Hitting Sweet 16 includes all sorts of coming-of-age perks and responsibilities. Voting could become a new one.
A plan to lower the voting age in the City of Takoma Park, Md., would create the youngest voters in the nation.In 1971, the 26th Amendment lowered the voting age to 18.The measure in Takoma Park would only apply to local elections for mayor and the city council, and its objective, in part, is to make the election process more representative and diverse.
Last week, the Takoma Park City Council voted 6-1 to change its charter to become the first city in America to lower the voting age to 16. While we are the first city to adopt this policy, we have little doubt that others will follow. Maryland already has been a national leader in extending voting rights to younger voters when it opened its primaries years ago to 17-year-olds. That practice has spread to more than 20 states, and the case for a lower voting age in local elections is similarly strong.
The context for action was an accompanying measure backing an affirmative right to vote in the Constitution and local actions in support of suffrage. The city will also establish Election Day voter registration and extend voting rights to more people with past felony convictions, and may adopt Minnesota’s policy of ensuring that candidates have access to apartment buildings to talk with residents.
Because studies show conclusively that both voting and not voting are habit-forming, providing a “first vote” opportunity for those more settled in their community is particularly important. The fact that those given a first chance to vote at 18 participate in higher rates than those unable to vote until 19 helps explain why studies show that Austria — one of several nations recently lowering the voting age to 16 — has experienced a significant turnout boost among for first-time voters.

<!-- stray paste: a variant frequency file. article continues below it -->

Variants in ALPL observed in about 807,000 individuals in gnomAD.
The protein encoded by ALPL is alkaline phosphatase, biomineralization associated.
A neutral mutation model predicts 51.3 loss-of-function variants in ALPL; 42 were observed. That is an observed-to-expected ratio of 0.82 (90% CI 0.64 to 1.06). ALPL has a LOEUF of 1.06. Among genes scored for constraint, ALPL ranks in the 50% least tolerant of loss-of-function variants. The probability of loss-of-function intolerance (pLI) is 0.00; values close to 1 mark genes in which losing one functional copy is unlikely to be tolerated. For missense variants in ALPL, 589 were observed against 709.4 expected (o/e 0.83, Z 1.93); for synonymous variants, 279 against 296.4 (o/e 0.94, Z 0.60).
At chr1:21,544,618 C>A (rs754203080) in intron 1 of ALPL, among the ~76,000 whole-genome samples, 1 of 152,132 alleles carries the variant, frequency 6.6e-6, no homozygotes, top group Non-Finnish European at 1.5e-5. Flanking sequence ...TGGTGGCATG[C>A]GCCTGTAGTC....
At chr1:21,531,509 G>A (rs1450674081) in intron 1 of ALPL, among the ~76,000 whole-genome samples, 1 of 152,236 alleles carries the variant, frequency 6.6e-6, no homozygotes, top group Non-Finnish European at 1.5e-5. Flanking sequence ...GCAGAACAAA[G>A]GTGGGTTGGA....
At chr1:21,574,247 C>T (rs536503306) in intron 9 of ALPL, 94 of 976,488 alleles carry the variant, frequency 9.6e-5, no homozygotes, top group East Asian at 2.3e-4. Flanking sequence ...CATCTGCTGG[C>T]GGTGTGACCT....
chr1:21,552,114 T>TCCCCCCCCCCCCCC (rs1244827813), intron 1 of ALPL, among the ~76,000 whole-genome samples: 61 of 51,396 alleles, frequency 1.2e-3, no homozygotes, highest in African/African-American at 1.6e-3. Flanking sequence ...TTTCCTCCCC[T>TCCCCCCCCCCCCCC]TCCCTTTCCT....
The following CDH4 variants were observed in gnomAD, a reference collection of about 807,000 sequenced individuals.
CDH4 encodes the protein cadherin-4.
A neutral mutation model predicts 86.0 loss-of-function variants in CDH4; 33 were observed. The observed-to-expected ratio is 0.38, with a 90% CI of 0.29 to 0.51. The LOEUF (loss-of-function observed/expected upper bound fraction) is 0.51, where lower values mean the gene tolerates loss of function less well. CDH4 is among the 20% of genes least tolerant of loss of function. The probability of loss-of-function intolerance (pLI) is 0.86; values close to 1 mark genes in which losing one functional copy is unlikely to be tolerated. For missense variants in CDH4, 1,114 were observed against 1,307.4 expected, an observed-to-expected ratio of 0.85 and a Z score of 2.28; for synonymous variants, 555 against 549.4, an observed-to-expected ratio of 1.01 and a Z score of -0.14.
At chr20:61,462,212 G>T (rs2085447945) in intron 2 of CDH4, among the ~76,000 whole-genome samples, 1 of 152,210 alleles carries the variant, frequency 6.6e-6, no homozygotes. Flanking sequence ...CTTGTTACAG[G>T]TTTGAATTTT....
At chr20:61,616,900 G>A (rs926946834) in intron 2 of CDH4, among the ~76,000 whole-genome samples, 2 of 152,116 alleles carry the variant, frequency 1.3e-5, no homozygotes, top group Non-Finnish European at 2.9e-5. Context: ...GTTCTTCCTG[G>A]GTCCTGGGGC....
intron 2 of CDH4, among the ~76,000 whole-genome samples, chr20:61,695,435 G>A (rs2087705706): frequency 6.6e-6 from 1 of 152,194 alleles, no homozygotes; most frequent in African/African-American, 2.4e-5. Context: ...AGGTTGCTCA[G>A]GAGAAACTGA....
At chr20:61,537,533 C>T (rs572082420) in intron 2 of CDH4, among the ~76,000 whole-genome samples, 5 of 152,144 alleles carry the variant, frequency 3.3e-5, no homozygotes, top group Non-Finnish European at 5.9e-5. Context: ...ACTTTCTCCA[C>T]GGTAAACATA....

Final council passage came after months of public input. The testimony of so many young people was particularly persuasive: They have earned the right to be treated with the same respect as any other potential voter, and government will be accountable to more of our residents.
Our nation’s history has been one of regular expansion of suffrage. Low participation in government and elections is a threat to democracy. Our cities are the best places to try innovations to address that challenge. We’re proud to be a part of a city that has chosen to include more of our sons and daughters in the best part of democracy — making a choice together about our future on Election Day.
I like this because it’s such a radical departure from the suspicious, distrustful attitude towards voters and voting that has so dominated in the last decade – no black-bordered FRAUD warnings, no threats of felony charges. Instead there’s all this crazy, loose talk about “expansion” and “democracy” and “our sons and daughters.” Doesn’t it sound old-fashioned? Where’s the list of the requirements and prohibitions and stern warnings? So confident, too. They have “little doubt” that others will follow.
Davis X. Machina
16 is already half-measures.
How about Demeny voting?
I remember being 16 and feeling livid that I wasn’t allowed to vote while all kinds of moron relatives (and teachers) of mine we’re allowed to usher in one idiot after another.
Maybe it would be a bad move for national elections, but bully for these folks for bringing it to the local level.
I like this. I don’t know that I’d want the voting age to go any lower — 15 might be okay — but 16 seems a good age to set up voter “training wheels”. They get to vote locally at 16, add the primaries in at 17, and join the national elections at 18.
It’s really a pretty nifty idea. Taking that down to 15, follow the same path, and let teenagers start voting nationally at 17 might work even better.
I’d like to see 17 year olds have a say in whether they’ll get shipped off to war, or not, before they turn 18.
Ahem. TAKOMA PARK REPRESENT!
Yeah I got your east coast liberal DFH enclave right here…
mike with a mic
I’ve never understood the concept of different ages for different parts of adulthood. Military, voting, driving, drinking, smoking, guns, sex, porn, credit cards. It’s a bit of a mess. There should just be a universal age for all of it, 16 doesn’t sound all that bad.
What Have the Romans Ever Done for Us?
I live in Takoma Park. Had no idea we were doing this but I’m OK with it.
mike with a mic:
Yeah, I’ve always thought it’s especially bizarre that we tell teenagers they can’t drink till 21, but we can send them into battle at 18.
Although I suppose my related wish – any congressperson who votes for war is eligible to be drafted into said war – will never happen. Big sad sigh…
I can see 16, if that is the age a person can quit school in Maryland. If the law says you are old enough to decide to finish that darn larnin’, then you are grown up enough to vote.
I don’t agree with this:
” Our nation’s history has been one of regular expansion of suffrage. ”